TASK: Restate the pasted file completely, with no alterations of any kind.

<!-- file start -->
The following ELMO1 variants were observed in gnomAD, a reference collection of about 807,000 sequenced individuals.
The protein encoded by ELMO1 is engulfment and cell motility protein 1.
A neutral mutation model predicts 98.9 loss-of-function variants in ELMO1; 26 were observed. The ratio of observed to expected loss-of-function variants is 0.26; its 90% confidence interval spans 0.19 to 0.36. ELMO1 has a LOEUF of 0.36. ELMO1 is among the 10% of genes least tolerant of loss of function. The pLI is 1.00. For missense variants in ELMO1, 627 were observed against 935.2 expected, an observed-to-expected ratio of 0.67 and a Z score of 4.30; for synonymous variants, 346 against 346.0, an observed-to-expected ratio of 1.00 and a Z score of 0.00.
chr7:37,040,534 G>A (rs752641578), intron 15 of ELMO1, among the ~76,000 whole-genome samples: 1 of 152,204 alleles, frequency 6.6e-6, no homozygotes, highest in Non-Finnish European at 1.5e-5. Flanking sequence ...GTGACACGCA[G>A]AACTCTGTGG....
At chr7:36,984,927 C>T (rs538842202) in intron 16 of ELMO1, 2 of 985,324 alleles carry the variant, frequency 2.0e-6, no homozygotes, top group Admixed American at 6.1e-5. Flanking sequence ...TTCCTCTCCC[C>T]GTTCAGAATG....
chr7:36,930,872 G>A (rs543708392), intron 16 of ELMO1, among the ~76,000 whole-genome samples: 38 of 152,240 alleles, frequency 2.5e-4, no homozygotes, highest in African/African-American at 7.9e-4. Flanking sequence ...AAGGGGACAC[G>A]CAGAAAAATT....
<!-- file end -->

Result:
The following ELMO1 variants were observed in gnomAD, a reference collection of about 807,000 sequenced individuals.
The protein encoded by ELMO1 is engulfment and cell motility protein 1.
A neutral mutation model predicts 98.9 loss-of-function variants in ELMO1; 26 were observed. The ratio of observed to expected loss-of-function variants is 0.26; its 90% confidence interval spans 0.19 to 0.36. ELMO1 has a LOEUF of 0.36. ELMO1 is among the 10% of genes least tolerant of loss of function. The pLI is 1.00. For missense variants in ELMO1, 627 were observed against 935.2 expected, an observed-to-expected ratio of 0.67 and a Z score of 4.30; for synonymous variants, 346 against 346.0, an observed-to-expected ratio of 1.00 and a Z score of 0.00.
chr7:37,040,534 G>A (rs752641578), intron 15 of ELMO1, among the ~76,000 whole-genome samples: 1 of 152,204 alleles, frequency 6.6e-6, no homozygotes, highest in Non-Finnish European at 1.5e-5. Flanking sequence ...GTGACACGCA[G>A]AACTCTGTGG....
At chr7:36,984,927 C>T (rs538842202) in intron 16 of ELMO1, 2 of 985,324 alleles carry the variant, frequency 2.0e-6, no homozygotes, top group Admixed American at 6.1e-5. Flanking sequence ...TTCCTCTCCC[C>T]GTTCAGAATG....
chr7:36,930,872 G>A (rs543708392), intron 16 of ELMO1, among the ~76,000 whole-genome samples: 38 of 152,240 alleles, frequency 2.5e-4, no homozygotes, highest in African/African-American at 7.9e-4. Flanking sequence ...AAGGGGACAC[G>A]CAGAAAAATT....